Reflecting the parenting experience in The Mandalorian

© Lucasfilm Ltd

For a species that can reach the ripe old age of 900, it makes sense that their young would take their sweet time reaching maturity. So while Grogu is fifty, everything from his appearance to his behaviours screams toddler. And, having spent the pandemic living with a toddler, I know first-hand that they scream… a lot. 

As a parent, I’m watching The Mandalorian in a different way than I would have done had it started airing even three years ago. Most of the time, relating to characters in Star Wars takes a bit of effort on a viewer’s part, a kind of mental fanfiction, but I see so much of the parenting experience reflected on screen (just minus the blasters, bounty hunters and bloodshed).

The first series affected me in a different way in making its main character, Din Djarin, an unexpected, if not reluctant, father. There’s an instant connection between him and Grogu and, after turning him into to the enigmatic ‘Client’, Din goes to great lengths to get him back. There are easy parallels to draw here for anyone who has had an unplanned child, but in the second season Din truly embraces his role as father. And it’s here where I found myself relating to an otherwise unrelatable character.

In the first season, Grogu is after the little metal ball that’s usually used to top a lever on the erstwhile Razor Crest. At first, sure, Din gives him the ball, but as any parent will tell you, give in once, and it’ll haunt you. So now Grogu just takes it of his own accord. Replace that tiny ball with the TV remote, my iPad, the bookmark from whatever novel I’m reading, and it’s the same thing.

One episode that made me laugh in its utter familiarity was ‘The Siege’. It’s a set up and pay off that begins with a perpetually hungry Grogu using the Force to steal a pack of blue space macarons from a fellow pupil in the school he’s been stowed at for safekeeping. My own daughter, Lorelei, has quite the appetite. If there’s food within easy reach, trust me when I say that she’s going for it – yes, that’s even meant taking from other kids once or twice. Flash forward towards the end of the episode where, after some aerial acrobatics in the Razor Crest, poor Grogu spits up lurid blue puke down himself. Only a few months back, I was driving back from the supermarket and, a couple of miles from home, Lori pukes all over herself. In this case, it was a lurid pink, but you get the idea.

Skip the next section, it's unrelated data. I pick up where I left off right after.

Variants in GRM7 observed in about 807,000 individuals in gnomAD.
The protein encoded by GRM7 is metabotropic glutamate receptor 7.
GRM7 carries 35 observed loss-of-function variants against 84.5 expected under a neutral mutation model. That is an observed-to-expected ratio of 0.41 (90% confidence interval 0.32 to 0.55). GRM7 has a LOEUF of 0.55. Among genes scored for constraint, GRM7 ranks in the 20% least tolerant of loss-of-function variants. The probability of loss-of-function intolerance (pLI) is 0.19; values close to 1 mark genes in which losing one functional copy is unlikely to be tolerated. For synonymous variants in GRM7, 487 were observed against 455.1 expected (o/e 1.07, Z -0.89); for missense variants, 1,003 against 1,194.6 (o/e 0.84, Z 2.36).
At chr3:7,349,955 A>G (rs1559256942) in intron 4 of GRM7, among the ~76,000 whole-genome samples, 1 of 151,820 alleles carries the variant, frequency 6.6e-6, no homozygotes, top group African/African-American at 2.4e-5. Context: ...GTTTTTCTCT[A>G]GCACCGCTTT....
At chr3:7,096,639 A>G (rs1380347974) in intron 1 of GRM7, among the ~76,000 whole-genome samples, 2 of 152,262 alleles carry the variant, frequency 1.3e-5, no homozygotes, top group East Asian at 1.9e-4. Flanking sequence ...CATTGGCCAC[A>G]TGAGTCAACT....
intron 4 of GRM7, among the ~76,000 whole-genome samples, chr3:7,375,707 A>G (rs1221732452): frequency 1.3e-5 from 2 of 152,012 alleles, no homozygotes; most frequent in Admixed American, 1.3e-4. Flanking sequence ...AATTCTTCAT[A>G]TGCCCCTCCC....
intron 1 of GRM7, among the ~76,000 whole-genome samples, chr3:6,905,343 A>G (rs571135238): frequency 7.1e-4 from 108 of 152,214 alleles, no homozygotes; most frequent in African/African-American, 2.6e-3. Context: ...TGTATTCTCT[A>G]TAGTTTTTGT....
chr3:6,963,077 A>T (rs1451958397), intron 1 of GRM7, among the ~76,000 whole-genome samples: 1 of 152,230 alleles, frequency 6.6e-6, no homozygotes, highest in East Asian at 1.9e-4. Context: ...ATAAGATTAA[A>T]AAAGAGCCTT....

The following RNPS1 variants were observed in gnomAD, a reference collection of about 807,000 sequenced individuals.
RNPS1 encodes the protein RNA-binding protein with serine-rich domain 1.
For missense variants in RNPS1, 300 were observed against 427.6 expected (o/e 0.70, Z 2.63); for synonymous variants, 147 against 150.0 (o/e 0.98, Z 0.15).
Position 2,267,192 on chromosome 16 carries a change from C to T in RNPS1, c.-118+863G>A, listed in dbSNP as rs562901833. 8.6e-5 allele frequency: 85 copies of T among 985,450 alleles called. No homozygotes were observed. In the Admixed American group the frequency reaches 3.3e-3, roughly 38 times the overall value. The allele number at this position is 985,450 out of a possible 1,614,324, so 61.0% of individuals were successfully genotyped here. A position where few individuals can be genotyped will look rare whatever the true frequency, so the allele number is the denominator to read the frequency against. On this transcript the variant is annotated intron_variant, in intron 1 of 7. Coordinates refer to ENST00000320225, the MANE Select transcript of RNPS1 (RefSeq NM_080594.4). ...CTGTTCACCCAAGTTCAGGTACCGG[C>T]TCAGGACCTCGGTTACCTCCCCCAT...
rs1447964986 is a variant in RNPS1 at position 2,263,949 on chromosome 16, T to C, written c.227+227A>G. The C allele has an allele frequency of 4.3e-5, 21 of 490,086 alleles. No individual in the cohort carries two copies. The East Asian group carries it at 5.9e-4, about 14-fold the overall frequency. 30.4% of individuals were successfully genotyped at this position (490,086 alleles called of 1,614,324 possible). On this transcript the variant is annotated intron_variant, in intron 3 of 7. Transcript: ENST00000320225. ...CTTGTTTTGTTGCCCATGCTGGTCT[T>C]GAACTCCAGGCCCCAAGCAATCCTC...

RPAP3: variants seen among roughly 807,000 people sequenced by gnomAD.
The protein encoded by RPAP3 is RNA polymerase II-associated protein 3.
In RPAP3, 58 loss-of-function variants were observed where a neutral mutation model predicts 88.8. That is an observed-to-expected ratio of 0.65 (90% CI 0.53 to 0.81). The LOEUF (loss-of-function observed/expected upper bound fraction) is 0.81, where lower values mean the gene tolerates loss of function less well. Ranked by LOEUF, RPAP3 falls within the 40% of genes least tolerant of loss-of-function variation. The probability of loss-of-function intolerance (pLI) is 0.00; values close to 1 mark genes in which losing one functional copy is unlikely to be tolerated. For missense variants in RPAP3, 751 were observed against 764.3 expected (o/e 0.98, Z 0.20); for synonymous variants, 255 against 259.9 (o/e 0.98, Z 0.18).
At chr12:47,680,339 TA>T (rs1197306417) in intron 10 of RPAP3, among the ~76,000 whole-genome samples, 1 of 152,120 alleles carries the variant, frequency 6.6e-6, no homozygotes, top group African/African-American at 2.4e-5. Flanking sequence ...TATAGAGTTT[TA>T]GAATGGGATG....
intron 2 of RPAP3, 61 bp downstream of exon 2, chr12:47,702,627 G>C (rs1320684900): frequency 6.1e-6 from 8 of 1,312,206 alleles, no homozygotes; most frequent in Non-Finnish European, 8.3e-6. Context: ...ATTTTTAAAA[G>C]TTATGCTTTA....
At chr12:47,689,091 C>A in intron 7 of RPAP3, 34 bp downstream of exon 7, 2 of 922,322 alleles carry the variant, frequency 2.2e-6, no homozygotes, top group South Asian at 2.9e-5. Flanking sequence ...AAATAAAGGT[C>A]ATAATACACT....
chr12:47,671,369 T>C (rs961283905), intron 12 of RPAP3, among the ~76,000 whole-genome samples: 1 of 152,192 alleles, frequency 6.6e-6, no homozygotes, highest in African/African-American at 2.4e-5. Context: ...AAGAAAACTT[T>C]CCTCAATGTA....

As well as these quiet moments, perhaps the biggest, most relatable part of the parenting experiencing captured in The Mandalorian is that debilitating feeling that something terrible might happen to your child. Here the Imperial remnant hunting Grogu represents kidnapping and could easily be swapped out for any of a hundred other awful things. So when Din is willing to do whatever it takes to keep his foundling son safe, I find myself nodding along knowing that I too would do the same. Because there’s nothing so devastating, so nightmarish, that I can now imagine as losing my daughter.

Aside from lashing out with his Force abilities, we haven’t actually seen Grogu go into full-on tantrum mode. In fact, he hardly makes a peep, speaking in a cute quiet babble. All I can say is, when my daughter is in the throes of a tantrum, I’d happily swap her for Grogu and everything that entails for a few hours. Din doesn’t know how good he’s got it.

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